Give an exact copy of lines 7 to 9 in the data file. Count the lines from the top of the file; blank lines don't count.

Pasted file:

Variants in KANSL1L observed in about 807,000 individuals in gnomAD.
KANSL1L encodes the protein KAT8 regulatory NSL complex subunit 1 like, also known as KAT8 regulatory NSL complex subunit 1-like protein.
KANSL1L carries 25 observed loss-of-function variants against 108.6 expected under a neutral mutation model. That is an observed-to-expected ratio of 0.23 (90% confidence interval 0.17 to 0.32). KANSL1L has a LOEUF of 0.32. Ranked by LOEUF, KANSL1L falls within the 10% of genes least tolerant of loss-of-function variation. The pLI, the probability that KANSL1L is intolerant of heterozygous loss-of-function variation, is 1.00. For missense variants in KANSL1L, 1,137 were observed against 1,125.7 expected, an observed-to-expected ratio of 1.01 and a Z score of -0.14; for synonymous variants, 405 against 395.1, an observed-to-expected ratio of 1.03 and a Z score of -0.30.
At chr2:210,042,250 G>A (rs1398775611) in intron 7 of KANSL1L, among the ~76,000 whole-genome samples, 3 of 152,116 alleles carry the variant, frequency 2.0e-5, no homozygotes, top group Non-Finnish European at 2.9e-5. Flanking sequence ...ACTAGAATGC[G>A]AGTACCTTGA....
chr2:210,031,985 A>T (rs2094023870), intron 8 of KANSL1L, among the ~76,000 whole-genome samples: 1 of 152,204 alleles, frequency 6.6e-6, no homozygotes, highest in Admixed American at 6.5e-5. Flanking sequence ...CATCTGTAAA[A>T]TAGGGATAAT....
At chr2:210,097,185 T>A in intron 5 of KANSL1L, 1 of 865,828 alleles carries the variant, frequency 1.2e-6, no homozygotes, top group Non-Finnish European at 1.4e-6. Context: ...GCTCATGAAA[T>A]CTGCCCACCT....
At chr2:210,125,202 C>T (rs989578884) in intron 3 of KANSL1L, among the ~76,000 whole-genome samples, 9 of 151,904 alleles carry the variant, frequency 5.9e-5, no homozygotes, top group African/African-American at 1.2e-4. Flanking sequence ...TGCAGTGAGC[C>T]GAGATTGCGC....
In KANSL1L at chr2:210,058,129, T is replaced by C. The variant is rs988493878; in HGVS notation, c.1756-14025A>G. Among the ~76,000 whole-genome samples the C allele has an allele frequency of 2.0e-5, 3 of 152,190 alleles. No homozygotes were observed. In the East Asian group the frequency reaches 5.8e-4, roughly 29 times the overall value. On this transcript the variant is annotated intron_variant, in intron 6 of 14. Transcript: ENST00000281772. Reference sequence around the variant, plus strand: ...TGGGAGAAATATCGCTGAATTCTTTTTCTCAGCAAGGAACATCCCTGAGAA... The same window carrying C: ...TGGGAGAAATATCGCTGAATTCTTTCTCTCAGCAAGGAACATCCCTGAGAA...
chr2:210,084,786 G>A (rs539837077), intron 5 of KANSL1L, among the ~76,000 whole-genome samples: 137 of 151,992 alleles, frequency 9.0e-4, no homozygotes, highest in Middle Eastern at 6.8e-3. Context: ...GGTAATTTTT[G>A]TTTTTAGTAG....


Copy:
At chr2:210,125,202 C>T (rs989578884) in intron 3 of KANSL1L, among the ~76,000 whole-genome samples, 9 of 151,904 alleles carry the variant, frequency 5.9e-5, no homozygotes, top group African/African-American at 1.2e-4. Flanking sequence ...TGCAGTGAGC[C>T]GAGATTGCGC....
In KANSL1L at chr2:210,058,129, T is replaced by C. The variant is rs988493878; in HGVS notation, c.1756-14025A>G. Among the ~76,000 whole-genome samples the C allele has an allele frequency of 2.0e-5, 3 of 152,190 alleles. No homozygotes were observed. In the East Asian group the frequency reaches 5.8e-4, roughly 29 times the overall value. On this transcript the variant is annotated intron_variant, in intron 6 of 14. Transcript: ENST00000281772. Reference sequence around the variant, plus strand: ...TGGGAGAAATATCGCTGAATTCTTTTTCTCAGCAAGGAACATCCCTGAGAA... The same window carrying C: ...TGGGAGAAATATCGCTGAATTCTTTCTCTCAGCAAGGAACATCCCTGAGAA...
chr2:210,084,786 G>A (rs539837077), intron 5 of KANSL1L, among the ~76,000 whole-genome samples: 137 of 151,992 alleles, frequency 9.0e-4, no homozygotes, highest in Middle Eastern at 6.8e-3. Context: ...GGTAATTTTT[G>A]TTTTTAGTAG....